Murphy grew up under the influence of her maternal grandfather, Ogle R. Gowan who was a Politician that founded a local branch of the Orange Order in 1830 and two uncles who were a Supreme Court justice and a Senator, respectively. Her brother also became a Lawyer and another member of the Supreme Court. Her family were prominent members of society and she benefited from parents who supported their daughter receiving formal academic education. She her uncle was Thomas Roberts Ferguson, an MP, and she was related to James Robert Gowan, who was a Lawyer, judge, and senator.
In 1887, they married, and subsequently had four daughters: Madeleine, Evelyn, Doris and Kathleen. Doris died. After Doris' death, the family decided to try a new setting and moved west to Swan River, Manitoba in 1903 and then to Edmonton, Alberta in 1907.
Her appointment as judge, however, became the cause for her greatest adversity concerning women within the law. In her first case in Alberta on July 1, 1916, she found the prisoner guilty. The prisoner's Lawyer called into question her right to pass sentence, since she was not legally a person. The Provincial Supreme Court denied the appeal.
In 1917, she headed the battle to have women declared as "persons" in Canada, and, consequently, qualified to serve in the Senate. Lawyer, Eardley Jackson, challenged her position as judge because women were not considered "persons" under the British North America Act 186. This understanding was based on a British Common law ruling of 1876, which stated, "women were eligible for pains and penalties, but not rights and privileges."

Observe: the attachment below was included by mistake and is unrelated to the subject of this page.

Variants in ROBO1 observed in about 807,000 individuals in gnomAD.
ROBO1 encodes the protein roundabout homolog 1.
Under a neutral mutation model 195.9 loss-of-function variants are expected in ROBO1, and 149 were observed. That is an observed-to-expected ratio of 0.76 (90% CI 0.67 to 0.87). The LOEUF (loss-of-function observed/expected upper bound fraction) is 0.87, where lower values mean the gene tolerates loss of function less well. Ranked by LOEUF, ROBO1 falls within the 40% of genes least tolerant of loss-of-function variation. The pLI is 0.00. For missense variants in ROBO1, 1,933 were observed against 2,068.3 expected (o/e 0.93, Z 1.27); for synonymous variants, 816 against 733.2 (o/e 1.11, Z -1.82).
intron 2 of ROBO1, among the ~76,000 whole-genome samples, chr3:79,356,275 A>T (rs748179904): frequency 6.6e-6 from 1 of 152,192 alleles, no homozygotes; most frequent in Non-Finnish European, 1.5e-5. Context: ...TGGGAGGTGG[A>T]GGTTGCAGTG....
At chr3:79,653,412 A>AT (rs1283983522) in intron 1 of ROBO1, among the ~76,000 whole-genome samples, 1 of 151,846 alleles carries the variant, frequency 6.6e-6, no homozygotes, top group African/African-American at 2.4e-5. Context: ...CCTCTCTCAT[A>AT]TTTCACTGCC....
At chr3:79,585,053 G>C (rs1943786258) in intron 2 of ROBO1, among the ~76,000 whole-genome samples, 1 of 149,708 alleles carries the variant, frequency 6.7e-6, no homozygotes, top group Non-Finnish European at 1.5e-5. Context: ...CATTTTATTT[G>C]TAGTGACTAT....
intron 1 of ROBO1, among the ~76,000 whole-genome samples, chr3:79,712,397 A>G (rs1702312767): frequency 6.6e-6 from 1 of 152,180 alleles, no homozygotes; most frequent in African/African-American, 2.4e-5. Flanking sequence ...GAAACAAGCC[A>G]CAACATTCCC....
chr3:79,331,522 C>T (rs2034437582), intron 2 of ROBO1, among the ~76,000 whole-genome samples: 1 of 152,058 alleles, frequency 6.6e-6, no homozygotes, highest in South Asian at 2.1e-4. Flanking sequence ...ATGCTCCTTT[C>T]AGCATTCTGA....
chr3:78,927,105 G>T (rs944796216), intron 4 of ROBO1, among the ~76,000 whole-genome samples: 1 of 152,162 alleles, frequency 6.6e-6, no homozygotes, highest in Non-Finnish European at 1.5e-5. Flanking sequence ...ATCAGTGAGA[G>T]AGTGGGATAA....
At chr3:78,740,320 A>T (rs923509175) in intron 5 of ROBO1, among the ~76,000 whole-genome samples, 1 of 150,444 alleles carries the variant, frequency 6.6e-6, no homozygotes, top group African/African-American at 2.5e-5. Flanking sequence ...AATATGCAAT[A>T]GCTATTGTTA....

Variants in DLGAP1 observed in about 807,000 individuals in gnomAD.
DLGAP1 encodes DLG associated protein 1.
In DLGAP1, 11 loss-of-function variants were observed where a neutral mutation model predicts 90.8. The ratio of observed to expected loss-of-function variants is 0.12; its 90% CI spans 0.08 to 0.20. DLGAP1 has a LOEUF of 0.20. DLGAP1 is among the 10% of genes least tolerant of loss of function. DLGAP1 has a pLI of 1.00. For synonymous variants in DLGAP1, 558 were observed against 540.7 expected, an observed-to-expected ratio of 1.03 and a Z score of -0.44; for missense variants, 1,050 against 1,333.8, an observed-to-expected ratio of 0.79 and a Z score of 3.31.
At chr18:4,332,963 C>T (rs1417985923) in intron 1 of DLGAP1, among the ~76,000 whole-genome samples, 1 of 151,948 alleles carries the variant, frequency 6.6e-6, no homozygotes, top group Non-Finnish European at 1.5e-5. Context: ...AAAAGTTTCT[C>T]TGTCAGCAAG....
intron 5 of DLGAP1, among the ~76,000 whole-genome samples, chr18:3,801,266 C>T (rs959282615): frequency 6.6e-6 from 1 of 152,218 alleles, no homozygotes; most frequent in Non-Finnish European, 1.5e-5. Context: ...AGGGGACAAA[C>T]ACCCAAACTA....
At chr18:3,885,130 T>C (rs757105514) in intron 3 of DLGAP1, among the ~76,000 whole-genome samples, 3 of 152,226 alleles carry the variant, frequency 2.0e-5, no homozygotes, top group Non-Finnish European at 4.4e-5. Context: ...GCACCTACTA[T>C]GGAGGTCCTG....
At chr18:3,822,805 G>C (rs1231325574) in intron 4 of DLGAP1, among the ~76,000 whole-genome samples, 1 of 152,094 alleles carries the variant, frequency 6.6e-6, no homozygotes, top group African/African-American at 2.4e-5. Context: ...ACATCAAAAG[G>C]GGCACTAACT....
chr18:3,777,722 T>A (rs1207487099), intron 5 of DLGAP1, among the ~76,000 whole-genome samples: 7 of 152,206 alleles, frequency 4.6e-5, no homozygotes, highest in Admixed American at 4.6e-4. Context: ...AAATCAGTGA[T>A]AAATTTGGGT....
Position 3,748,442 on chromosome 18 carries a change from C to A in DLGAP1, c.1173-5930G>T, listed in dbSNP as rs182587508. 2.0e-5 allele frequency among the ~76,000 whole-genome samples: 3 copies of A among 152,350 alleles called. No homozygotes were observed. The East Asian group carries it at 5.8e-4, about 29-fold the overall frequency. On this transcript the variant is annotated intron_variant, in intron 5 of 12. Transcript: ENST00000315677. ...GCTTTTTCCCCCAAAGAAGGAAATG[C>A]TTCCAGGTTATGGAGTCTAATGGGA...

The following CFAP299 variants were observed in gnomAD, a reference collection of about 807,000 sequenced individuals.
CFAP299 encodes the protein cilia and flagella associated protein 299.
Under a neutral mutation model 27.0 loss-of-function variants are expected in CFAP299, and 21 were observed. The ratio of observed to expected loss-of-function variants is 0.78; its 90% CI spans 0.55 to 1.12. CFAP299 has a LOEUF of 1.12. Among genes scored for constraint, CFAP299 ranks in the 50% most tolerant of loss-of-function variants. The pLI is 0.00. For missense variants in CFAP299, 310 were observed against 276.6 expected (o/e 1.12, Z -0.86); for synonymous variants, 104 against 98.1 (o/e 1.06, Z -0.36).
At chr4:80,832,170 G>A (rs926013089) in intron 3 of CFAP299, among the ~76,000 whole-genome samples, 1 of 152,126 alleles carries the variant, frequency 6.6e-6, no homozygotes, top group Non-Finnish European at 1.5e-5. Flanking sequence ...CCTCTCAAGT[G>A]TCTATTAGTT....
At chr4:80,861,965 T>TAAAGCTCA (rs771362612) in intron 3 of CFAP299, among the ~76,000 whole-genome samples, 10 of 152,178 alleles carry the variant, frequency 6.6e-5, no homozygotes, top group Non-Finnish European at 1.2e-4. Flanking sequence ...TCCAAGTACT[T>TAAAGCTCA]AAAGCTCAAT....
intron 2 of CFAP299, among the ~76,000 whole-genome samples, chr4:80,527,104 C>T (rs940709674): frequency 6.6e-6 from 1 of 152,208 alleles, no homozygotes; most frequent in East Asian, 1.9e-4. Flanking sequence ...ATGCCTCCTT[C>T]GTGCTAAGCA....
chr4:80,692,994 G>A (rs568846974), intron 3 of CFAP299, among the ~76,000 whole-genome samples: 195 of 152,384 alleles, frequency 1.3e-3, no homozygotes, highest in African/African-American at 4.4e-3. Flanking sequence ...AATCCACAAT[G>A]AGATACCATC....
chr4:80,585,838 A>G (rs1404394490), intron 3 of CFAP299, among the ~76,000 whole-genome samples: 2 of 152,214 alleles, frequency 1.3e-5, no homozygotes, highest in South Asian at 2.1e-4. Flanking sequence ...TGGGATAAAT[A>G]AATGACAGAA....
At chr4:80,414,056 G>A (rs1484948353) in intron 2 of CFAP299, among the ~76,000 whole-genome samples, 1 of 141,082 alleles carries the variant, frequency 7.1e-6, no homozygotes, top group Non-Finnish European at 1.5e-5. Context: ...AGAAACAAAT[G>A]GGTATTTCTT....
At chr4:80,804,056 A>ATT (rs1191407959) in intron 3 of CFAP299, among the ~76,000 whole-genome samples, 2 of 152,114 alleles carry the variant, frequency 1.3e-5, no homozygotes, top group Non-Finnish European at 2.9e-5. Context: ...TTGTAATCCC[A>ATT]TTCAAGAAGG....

Emily Murphy's house in Edmonton, Alberta, is on the Canadian Register of Historic People and Places. She lived in this home from 1919 until her death in 1933. It is now located on the campus of the University of Alberta and houses the Student Legal Services.
Although Murphy's views on race changed over the course of her life, the perspective contained in her book The Black Candle is considered the most consequential because it played a role in creating a widespread "war on drugs mentality" leading to legislation that "defined addiction as a law enforcement problem". A series of articles in Maclean's magazine under her pen name, "Janey Canuck", forms the basis of The Black Candle. Using extensive anecdotes and "expert" opinion, The Black Candle depicts an alarming picture of drug abuse in Canada, detailing Murphy's understanding of the use and effects of opium, cocaine, and pharmaceuticals, as well as a "new menace", "marihuana". Murphy's concern with drugs began when she started coming into "disproportionate contact with Chinese people" in her courtroom because they were over-represented in the Criminal justice system. In addition to professional expertise and her own observations, Murphy was also given a tour of opium dens in Vancouver's Chinatown by local police detectives. Vancouver at the time was in the midst of a moral panic over drugs that was part of the anti-Oriental campaign that precipitated the Chinese Immigration Act of 1923.